Each of These Things Is Unlike the Others

If art is but a reflection of its generating culture, and culture but the sum total of society's accomplishments in a given place and time, then a common thread unites the artists in “Please Allow Me to Introduce Myself”at the Office in Huntington Beach. All three—Carleton Christy, Travis Collinson and Jean Robison—are LA-area artists. Aside from this, they could not be more different and still be in the same show. But we press, press ever onwards.

The two selections by Christy are tightly constructed affairs that reward close inspection. Under the glare of the gallery lights, City #1(2005) appears first as a coppery, oblique-angle cityscape under the season's first falling snow. Look again, and the pregnant flakes are revealed to be the heads of hundreds of nails, several of which pierce each individual building and affix them to the board like so many collected butterflies. The effect is both industrial and organic, suggesting the millions of rivets that hold such buildings together, while allowing for the subtleties of each building's unique design. Christy's other piece, Untitled Spiral (2006), is one of a series of drawings each composed of one unbroken line. Rather than coming off like staid and traditional Celtic knotwork, his spiral is dynamic and barely controlled, ripping itself apart from centrifugal force while pulling the interior ever tighter.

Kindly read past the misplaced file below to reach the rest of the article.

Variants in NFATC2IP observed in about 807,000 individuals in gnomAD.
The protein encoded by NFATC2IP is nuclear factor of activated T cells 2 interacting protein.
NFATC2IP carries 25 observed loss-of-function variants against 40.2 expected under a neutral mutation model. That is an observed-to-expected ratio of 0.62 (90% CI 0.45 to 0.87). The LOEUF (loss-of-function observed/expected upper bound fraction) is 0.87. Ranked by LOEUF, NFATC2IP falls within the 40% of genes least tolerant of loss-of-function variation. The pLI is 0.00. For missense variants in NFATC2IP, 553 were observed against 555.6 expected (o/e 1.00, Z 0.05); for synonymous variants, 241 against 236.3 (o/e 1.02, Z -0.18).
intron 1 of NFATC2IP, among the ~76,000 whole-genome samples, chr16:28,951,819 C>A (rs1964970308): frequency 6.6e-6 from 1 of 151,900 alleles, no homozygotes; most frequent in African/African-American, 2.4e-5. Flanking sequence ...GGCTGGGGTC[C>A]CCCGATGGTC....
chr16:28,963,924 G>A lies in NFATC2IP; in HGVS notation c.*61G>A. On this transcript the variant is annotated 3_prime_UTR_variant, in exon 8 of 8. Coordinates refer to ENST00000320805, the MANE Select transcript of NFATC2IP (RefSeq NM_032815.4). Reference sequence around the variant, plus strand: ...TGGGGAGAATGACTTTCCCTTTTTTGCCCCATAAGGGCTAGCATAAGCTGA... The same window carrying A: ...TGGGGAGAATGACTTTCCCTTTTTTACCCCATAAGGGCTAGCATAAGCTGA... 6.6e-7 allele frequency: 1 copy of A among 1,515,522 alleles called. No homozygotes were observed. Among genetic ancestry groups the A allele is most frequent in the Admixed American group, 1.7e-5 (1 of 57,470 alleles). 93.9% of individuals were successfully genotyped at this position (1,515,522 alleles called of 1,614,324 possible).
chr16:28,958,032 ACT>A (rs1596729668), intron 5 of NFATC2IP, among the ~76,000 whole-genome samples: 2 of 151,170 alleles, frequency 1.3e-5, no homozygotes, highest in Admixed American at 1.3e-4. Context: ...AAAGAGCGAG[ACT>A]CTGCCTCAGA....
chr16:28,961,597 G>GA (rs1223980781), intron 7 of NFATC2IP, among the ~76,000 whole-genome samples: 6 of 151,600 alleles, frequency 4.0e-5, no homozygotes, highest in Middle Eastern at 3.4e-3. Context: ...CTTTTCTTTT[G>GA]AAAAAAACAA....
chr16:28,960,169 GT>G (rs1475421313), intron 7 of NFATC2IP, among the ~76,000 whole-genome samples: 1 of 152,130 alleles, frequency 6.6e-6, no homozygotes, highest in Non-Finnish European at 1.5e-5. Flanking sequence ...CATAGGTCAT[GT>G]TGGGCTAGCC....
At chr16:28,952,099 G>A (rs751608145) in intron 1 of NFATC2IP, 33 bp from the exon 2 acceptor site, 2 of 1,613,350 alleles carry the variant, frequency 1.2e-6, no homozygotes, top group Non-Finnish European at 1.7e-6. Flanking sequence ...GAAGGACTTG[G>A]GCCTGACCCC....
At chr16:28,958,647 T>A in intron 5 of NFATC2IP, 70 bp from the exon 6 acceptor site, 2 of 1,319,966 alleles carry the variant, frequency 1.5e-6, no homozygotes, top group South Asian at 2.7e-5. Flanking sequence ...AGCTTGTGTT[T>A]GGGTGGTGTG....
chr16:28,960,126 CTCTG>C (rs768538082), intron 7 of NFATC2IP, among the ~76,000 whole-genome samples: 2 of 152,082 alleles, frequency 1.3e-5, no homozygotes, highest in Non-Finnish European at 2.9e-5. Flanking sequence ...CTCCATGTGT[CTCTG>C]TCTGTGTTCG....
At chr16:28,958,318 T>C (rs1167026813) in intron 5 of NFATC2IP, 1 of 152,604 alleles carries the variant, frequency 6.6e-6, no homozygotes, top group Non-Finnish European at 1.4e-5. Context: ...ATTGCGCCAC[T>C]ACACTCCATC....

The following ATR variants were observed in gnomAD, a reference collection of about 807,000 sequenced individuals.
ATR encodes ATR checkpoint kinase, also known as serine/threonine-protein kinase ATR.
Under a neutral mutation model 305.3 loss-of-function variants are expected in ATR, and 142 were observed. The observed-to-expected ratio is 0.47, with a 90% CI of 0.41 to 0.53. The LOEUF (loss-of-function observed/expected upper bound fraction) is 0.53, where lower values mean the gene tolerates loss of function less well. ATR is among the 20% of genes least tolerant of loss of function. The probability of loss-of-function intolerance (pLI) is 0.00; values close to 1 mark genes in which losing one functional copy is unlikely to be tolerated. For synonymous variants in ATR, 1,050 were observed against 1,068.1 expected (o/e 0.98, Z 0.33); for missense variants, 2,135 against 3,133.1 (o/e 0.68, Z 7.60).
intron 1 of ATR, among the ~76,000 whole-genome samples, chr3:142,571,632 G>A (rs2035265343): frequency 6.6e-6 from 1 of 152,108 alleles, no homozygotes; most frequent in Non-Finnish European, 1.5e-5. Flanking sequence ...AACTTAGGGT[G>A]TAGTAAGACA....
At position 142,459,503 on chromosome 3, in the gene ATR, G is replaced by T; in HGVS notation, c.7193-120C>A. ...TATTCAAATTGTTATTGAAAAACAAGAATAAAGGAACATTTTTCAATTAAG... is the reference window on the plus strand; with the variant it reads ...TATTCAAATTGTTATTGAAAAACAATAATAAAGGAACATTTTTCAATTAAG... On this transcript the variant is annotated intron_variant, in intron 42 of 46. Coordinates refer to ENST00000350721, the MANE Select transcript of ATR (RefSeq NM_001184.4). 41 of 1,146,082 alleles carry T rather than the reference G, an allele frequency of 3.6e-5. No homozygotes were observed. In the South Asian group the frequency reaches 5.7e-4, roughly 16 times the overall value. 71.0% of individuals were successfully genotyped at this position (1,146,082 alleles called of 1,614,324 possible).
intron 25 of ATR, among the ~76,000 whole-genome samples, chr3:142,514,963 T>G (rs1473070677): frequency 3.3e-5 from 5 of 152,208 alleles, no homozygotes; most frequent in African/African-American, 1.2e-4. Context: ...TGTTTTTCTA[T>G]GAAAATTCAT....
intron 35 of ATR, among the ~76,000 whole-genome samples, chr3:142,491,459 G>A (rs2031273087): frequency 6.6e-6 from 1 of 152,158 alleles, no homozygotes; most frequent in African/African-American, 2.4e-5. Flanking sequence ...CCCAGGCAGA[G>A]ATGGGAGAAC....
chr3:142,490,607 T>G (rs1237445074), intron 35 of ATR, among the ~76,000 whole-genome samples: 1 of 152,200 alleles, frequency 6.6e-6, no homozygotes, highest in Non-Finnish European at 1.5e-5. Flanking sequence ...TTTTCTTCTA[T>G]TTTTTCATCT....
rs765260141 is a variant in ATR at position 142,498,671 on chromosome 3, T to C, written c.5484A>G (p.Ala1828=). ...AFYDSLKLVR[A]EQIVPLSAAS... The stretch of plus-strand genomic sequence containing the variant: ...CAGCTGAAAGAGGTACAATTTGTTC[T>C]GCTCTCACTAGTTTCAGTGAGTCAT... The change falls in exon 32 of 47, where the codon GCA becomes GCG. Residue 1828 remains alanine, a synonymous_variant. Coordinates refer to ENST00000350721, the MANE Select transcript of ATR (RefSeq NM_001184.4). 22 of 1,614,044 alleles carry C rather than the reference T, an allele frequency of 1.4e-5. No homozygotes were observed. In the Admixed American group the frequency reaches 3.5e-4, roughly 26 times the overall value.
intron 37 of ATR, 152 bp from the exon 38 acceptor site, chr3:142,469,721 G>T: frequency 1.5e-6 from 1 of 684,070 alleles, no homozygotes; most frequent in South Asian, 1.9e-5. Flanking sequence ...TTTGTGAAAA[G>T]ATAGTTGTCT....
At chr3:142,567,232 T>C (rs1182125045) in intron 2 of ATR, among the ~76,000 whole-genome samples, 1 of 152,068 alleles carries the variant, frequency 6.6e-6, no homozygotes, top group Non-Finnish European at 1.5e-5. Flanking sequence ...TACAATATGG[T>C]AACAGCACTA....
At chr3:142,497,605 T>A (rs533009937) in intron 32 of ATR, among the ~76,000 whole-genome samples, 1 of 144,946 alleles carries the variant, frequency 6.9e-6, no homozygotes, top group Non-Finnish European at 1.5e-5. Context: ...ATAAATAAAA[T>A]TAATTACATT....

Like chapters in a book of short stories, Collinson's pieces are worlds unto themselves—or at least slices of worlds. Two Houses and a Yellow Truck(2005) portrays consecutive sections of the American Dream seen thousands of times over in Southern California. We see a clean, bright porch with an empty (but not ratty) couch, and of course the tiny pickup with body-colored rims, presumably belonging to the house's owner and kept up as meticulously as the grounds themselves. A sapling stands tied to a supporting rod in the grass near the curb, representing the promise of new life in a different neighborhood. Collinson's other pieces, such as Snow Dear(2006) and Rainbow (2005), are concerned with more natural settings, yet he imbues them with hyper-natural colors in a manner reminiscent of the Tijuana city scenes of Gregg Stone (another LA-area artist). Points also to Collinson for leaving in certain elements of the artistic process, such as the penciled guidelines around the delicate, dying vegetation in Leaves (2005).

And, as if on yet another hand, Robison's Baseball (2005) adds sound and moving image to the party. In its own darkened nook of the Office, her piece brings to life the importance of sharing one's knowledge, of teaching a man to fish—even if that man is a woman, and fishing the art of throwing the perfect knuckle ball. In slow speed, the action is surprisingly sensuous. Her hand first slides over his to feel the placement of his fingers along the seams, then his over hers to confirm precise positioning. Robison gives us no faces, no background and no dialogue, only the sound of ball hitting backstop to an incessant Tejano accompaniment. The only color commentary is that provided by the artists themselves.


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